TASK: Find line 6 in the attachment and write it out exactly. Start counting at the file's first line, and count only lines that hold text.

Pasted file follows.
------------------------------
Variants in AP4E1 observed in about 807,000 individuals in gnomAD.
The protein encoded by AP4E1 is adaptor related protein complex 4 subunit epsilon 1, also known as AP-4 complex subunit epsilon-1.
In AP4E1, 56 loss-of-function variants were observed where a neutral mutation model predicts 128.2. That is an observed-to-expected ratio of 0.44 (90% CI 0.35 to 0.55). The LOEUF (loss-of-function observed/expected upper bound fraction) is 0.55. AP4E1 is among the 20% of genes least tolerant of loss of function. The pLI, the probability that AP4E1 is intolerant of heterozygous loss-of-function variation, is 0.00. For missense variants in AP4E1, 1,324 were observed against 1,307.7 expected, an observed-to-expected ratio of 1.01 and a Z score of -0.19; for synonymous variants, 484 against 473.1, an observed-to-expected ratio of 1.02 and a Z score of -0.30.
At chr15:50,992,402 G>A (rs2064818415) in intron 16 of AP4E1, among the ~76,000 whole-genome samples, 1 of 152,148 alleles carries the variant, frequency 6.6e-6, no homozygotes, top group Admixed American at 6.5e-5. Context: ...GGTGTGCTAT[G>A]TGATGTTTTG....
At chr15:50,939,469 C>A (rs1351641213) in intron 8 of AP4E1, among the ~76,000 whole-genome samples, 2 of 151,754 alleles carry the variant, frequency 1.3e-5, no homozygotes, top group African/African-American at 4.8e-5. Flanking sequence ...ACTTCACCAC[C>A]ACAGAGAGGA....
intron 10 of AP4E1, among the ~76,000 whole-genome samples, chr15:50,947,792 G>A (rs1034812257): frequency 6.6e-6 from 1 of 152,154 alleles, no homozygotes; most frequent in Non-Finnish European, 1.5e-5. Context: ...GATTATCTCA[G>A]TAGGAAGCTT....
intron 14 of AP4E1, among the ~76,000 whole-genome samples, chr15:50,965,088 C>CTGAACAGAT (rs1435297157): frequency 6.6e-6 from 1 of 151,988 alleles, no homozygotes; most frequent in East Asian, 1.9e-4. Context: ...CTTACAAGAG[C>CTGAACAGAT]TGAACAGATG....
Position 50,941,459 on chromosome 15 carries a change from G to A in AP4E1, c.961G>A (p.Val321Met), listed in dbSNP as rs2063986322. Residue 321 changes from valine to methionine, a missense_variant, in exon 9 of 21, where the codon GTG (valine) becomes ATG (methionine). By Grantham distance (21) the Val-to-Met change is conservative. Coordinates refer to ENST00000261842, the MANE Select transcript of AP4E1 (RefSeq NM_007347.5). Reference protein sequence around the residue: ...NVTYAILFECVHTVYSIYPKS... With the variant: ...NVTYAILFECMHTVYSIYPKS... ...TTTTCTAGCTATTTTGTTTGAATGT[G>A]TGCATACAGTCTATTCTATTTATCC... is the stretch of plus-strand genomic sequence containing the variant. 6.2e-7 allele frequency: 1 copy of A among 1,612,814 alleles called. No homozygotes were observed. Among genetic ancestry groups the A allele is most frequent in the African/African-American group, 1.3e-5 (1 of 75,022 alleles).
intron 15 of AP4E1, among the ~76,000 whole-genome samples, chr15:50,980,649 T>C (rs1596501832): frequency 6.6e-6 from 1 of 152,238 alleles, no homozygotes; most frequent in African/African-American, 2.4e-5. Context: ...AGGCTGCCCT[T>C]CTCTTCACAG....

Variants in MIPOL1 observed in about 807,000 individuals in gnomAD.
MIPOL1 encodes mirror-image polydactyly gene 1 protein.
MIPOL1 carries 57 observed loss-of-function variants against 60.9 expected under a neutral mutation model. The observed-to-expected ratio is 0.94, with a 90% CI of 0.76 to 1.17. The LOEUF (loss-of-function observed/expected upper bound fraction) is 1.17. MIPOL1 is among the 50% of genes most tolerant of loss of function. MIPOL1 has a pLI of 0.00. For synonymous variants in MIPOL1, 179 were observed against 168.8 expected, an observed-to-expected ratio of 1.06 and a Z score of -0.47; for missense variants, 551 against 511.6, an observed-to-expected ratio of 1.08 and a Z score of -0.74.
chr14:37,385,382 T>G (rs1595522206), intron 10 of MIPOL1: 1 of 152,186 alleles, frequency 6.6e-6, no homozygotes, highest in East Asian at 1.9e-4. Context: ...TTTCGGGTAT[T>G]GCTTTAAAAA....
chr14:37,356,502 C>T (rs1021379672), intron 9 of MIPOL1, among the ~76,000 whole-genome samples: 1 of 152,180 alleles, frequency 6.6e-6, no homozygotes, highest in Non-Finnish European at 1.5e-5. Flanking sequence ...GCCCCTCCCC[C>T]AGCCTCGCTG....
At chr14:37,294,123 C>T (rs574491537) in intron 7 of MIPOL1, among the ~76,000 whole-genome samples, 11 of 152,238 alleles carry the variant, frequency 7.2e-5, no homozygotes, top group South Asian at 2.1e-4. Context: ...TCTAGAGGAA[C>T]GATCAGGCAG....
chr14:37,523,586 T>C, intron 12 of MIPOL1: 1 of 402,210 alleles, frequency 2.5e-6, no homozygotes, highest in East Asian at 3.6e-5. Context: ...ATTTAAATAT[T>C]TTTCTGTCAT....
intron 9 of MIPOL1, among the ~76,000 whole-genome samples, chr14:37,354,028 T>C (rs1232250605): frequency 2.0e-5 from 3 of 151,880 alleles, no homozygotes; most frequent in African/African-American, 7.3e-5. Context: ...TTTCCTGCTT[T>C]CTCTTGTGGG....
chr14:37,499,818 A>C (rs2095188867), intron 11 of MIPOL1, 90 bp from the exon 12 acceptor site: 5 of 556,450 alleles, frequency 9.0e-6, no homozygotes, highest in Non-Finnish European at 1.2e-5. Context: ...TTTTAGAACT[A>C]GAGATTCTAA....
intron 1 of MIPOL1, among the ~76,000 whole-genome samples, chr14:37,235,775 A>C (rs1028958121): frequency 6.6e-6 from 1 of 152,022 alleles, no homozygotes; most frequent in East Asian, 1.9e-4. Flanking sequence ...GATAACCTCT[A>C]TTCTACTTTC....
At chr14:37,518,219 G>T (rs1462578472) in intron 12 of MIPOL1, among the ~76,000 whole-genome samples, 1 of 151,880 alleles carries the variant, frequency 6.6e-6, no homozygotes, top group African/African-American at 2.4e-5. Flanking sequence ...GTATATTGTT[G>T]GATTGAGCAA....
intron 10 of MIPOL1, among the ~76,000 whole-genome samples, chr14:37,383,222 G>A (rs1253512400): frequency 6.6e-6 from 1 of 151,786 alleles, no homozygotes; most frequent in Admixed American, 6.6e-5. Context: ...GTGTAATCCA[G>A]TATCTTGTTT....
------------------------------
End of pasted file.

intron 10 of AP4E1, among the ~76,000 whole-genome samples, chr15:50,947,792 G>A (rs1034812257): frequency 6.6e-6 from 1 of 152,154 alleles, no homozygotes; most frequent in Non-Finnish European, 1.5e-5. Context: ...GATTATCTCA[G>A]TAGGAAGCTT....